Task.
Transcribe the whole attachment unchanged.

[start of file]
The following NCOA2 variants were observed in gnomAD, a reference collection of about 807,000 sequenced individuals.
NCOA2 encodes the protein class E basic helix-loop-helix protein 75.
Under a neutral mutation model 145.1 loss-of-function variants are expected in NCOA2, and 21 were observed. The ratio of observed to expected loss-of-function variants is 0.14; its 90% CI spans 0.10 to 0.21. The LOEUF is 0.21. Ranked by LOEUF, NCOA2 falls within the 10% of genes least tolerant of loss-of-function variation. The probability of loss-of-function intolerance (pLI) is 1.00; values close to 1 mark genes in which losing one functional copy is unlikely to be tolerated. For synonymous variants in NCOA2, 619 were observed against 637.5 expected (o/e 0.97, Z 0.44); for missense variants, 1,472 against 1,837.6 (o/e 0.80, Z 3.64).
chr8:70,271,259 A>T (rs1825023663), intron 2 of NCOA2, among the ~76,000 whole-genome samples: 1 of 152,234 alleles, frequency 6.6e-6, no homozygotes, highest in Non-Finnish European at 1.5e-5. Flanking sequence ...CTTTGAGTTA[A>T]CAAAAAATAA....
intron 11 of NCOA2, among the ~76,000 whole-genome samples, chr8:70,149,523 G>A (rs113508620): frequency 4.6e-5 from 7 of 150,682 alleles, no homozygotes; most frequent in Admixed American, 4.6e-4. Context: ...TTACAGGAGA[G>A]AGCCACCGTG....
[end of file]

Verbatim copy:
The following NCOA2 variants were observed in gnomAD, a reference collection of about 807,000 sequenced individuals.
NCOA2 encodes the protein class E basic helix-loop-helix protein 75.
Under a neutral mutation model 145.1 loss-of-function variants are expected in NCOA2, and 21 were observed. The ratio of observed to expected loss-of-function variants is 0.14; its 90% CI spans 0.10 to 0.21. The LOEUF is 0.21. Ranked by LOEUF, NCOA2 falls within the 10% of genes least tolerant of loss-of-function variation. The probability of loss-of-function intolerance (pLI) is 1.00; values close to 1 mark genes in which losing one functional copy is unlikely to be tolerated. For synonymous variants in NCOA2, 619 were observed against 637.5 expected (o/e 0.97, Z 0.44); for missense variants, 1,472 against 1,837.6 (o/e 0.80, Z 3.64).
chr8:70,271,259 A>T (rs1825023663), intron 2 of NCOA2, among the ~76,000 whole-genome samples: 1 of 152,234 alleles, frequency 6.6e-6, no homozygotes, highest in Non-Finnish European at 1.5e-5. Flanking sequence ...CTTTGAGTTA[A>T]CAAAAAATAA....
intron 11 of NCOA2, among the ~76,000 whole-genome samples, chr8:70,149,523 G>A (rs113508620): frequency 4.6e-5 from 7 of 150,682 alleles, no homozygotes; most frequent in Admixed American, 4.6e-4. Context: ...TTACAGGAGA[G>A]AGCCACCGTG....